British Columbia

Danny Maloney, Megaphone vendor's life celebrated in Kitsilano

Kitsilano residents held a celebration of life for Danny Maloney this week. Maloney died in February, after selling Megaphone Magazine outside Whole Foods for 20 years.

Maloney, who died this year, was a fixture in the Vancouver neighbourhood for 20 years

Danny Maloney passed away in February after battling lung disease. Kitsilano residents gathered this week to celebrate his life. (Megaphone)

Residents of Vancouver's Kitsilano neighbourhood held a celebration of life this week for Danny Maloney, a long-time member of the community who sold Megaphone Magazine outside Whole Foods for the past 20 years.

Maloney passed away in February after battling lung disease.

"Danny's passing has left a hole in Kits. He was a fixture at Fourth and Yew. He was stalwart and predictable. He was a visible conscience for our community," said resident Stuart Rush.

More than 100 people turned up for to celebrate Maloney's life, many sharing fond stories about how hard he worked and how much he cared about his neighbourhood.

"He brought street life and poverty and part of everyday existence into our community," said Rush.

"He looked for you to talk in hope of conversation and it is sad that Danny will probably never know that his modest presence on a busy street corner would have the impact that it has."

'He became this beautiful person'

Sean Condon, Executive Director of Megaphone Magazine, helped organized the event. He says Danny had very powerful relationships with everyone he encountered.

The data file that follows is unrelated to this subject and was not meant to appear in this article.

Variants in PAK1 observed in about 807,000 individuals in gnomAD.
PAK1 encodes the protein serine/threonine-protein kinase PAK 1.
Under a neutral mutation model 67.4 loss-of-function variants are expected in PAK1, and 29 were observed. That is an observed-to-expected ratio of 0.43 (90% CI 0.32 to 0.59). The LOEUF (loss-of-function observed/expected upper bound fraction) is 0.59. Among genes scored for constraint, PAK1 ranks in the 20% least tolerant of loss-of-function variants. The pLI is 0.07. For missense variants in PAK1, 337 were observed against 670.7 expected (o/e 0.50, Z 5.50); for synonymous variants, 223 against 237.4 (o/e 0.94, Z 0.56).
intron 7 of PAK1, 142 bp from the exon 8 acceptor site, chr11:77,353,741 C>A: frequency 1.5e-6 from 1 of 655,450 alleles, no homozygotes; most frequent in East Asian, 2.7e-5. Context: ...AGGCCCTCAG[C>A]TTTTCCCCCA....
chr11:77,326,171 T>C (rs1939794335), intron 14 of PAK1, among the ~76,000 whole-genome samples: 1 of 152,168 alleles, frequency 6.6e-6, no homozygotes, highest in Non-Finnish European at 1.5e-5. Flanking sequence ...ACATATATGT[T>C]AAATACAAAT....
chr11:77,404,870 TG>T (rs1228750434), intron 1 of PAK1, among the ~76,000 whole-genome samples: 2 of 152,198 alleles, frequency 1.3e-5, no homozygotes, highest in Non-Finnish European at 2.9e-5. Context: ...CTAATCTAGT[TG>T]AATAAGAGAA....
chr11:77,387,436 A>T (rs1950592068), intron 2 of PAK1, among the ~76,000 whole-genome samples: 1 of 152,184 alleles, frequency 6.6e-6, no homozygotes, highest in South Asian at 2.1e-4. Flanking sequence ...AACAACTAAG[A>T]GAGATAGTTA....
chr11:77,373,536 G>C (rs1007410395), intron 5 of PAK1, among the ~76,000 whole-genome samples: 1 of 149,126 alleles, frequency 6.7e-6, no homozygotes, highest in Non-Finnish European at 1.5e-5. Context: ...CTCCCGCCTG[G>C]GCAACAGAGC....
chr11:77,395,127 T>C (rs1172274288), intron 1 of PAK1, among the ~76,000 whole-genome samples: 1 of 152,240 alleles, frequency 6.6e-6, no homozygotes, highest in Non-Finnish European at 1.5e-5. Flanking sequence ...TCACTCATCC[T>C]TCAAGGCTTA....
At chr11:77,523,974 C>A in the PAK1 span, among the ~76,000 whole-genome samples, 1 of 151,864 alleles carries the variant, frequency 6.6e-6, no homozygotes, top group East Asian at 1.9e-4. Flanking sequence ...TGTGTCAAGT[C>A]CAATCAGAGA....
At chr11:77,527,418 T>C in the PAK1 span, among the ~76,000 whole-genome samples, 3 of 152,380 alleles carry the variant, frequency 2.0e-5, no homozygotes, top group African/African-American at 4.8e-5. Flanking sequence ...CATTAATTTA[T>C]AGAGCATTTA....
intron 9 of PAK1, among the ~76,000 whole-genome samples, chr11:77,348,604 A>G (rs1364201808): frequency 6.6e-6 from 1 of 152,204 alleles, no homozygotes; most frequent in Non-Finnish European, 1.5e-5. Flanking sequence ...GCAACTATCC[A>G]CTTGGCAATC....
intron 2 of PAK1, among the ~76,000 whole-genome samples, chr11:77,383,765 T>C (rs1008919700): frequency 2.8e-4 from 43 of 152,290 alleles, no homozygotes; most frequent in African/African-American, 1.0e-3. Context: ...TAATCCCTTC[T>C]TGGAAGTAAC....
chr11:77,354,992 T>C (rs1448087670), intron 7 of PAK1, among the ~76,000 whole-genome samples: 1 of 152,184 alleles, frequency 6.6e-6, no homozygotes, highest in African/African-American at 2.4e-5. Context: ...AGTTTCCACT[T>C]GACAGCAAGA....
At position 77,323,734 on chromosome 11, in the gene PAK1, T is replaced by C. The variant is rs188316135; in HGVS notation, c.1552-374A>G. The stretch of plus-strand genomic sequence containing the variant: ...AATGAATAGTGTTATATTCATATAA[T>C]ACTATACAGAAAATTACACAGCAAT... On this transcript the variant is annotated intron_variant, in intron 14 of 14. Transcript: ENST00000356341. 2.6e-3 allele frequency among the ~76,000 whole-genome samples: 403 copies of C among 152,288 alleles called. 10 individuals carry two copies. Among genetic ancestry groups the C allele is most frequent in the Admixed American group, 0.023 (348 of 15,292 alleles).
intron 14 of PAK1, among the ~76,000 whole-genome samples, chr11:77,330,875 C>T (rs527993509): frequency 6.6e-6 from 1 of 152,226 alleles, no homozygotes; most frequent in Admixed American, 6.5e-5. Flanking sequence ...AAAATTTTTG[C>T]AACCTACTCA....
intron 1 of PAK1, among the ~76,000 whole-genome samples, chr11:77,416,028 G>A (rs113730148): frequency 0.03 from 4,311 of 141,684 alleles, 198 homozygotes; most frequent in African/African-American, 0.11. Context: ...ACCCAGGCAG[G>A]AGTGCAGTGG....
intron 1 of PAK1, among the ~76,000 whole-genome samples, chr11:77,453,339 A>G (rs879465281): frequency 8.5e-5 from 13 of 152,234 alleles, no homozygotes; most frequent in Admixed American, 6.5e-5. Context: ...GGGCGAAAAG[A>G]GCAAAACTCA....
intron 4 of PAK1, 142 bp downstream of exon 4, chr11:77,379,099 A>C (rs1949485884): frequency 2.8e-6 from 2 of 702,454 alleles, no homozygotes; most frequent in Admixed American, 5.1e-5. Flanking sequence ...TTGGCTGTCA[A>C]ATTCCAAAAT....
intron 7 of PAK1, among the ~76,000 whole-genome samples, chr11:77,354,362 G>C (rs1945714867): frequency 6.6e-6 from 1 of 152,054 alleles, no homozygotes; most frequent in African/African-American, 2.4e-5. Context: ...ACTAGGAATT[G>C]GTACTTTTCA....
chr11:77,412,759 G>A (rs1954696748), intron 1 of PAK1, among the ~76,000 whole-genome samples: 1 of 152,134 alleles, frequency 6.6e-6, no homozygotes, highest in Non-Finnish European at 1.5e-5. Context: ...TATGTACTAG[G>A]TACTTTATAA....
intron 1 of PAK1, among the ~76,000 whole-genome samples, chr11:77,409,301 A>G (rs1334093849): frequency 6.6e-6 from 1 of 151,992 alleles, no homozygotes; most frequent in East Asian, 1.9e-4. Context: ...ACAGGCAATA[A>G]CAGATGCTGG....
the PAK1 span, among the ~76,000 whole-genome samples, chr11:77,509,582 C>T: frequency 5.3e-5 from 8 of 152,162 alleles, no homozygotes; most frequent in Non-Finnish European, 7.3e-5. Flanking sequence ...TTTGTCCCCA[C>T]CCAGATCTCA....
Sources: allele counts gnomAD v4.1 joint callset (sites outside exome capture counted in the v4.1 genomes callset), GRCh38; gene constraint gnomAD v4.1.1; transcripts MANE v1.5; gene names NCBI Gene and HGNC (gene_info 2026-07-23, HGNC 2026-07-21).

"So many people looked out for him. So many people cared about him," said Condon.

He says Maloney struggled with poverty, addiction and mental health issues, but found purpose by selling Megaphone Magazine.

"The paper allowed him to connect with people and form these relationships with them. That saved his life. He was able to get sober," said Condon.

"He was able to become this beautiful person and became an institution in Kitsilano."

Condon says Maloney allowed people a very easy and warm way to begin to think about things differently and view life from another perspective.

"He helped break down a lot of stereotypes that I think people often have about homeless and mental health issues," said Condon.

"He helped people change their perceptions of both those issues, and in doing so, changed their perceptions about themselves as well and opened their mind to their city and community."

To hear the full interview with Sean Condon from Megaphone Magazine, listen to the audio labelled Danny Maloney Tribute


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